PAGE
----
Urban or suburban
Given its density, this area is considered very urban by San Francisco standards.
Highlights/interesting tid bits
Home to three of San Francisco’s seven hills; Russian, Nob and Telegraph. If you look down as you get closer to the Bay, you might see the outline of the original Bay, which is outlined in the sidewalk and street. Over the course of time, part of the Bay was filled in to extend downtown. During construction, submerged ships have been found in these areas, so construction had to stop while the ship got documented, then construction would proceed. Much of this area burned after the earthquake of 1906, which is why fewer of the older buildings still exist. Also of interest, Van Ness Ave, was a toney part of town in 1906, lined with mansions, which were destroyed to create a firebreak during the fires post-earthquake.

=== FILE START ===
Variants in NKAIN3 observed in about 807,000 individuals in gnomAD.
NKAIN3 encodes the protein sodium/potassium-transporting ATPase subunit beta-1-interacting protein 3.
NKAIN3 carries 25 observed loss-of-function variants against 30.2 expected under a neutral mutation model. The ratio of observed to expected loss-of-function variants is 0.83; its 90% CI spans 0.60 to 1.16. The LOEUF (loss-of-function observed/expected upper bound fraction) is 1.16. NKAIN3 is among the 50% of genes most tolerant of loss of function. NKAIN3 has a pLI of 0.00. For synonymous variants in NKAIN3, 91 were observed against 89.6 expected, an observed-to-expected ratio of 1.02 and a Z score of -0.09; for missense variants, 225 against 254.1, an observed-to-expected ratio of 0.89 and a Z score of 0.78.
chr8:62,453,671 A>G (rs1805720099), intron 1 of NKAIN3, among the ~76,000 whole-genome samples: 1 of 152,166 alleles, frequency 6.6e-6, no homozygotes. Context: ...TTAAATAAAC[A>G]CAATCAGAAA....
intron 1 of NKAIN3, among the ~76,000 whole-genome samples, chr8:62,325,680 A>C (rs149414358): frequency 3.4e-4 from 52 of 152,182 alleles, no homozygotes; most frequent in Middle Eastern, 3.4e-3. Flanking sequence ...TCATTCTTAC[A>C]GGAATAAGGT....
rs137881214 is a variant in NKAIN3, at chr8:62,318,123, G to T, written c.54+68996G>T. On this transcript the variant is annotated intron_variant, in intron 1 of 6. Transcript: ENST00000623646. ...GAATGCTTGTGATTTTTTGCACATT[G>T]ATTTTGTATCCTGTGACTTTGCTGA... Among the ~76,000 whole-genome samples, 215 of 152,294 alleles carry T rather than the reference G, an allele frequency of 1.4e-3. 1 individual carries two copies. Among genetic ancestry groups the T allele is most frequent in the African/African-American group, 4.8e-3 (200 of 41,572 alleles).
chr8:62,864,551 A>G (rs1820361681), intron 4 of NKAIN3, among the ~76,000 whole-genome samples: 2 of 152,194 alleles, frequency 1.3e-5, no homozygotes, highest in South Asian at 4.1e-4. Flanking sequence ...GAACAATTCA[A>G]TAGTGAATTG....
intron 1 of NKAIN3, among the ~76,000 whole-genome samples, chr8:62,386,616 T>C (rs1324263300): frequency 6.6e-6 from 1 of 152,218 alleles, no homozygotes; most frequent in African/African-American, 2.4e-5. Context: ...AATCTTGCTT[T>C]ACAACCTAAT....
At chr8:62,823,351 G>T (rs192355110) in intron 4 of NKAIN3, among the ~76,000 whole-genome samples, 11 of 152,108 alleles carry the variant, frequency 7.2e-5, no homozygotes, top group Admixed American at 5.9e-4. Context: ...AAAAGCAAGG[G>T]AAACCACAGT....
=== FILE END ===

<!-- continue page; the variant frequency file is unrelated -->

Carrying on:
You’ll find some of the oldest, and newest, architecture in this area, starting from the Gold Rush to today. Beyond the 1906 fire line, you’ll find some of the oldest architecture. Within the fire line, you’ll find many Edwardian Era and newer buildings, both commercial and residential.
Densely populated, most buildings are in a rowhouse configuration and look attached. There are single family homes in the area, mostly in the Northern part of the district. As you move into the Financial District, Downtown and the Van Ness Corridor, it’s mostly large scale multi-unit and commercial buildings.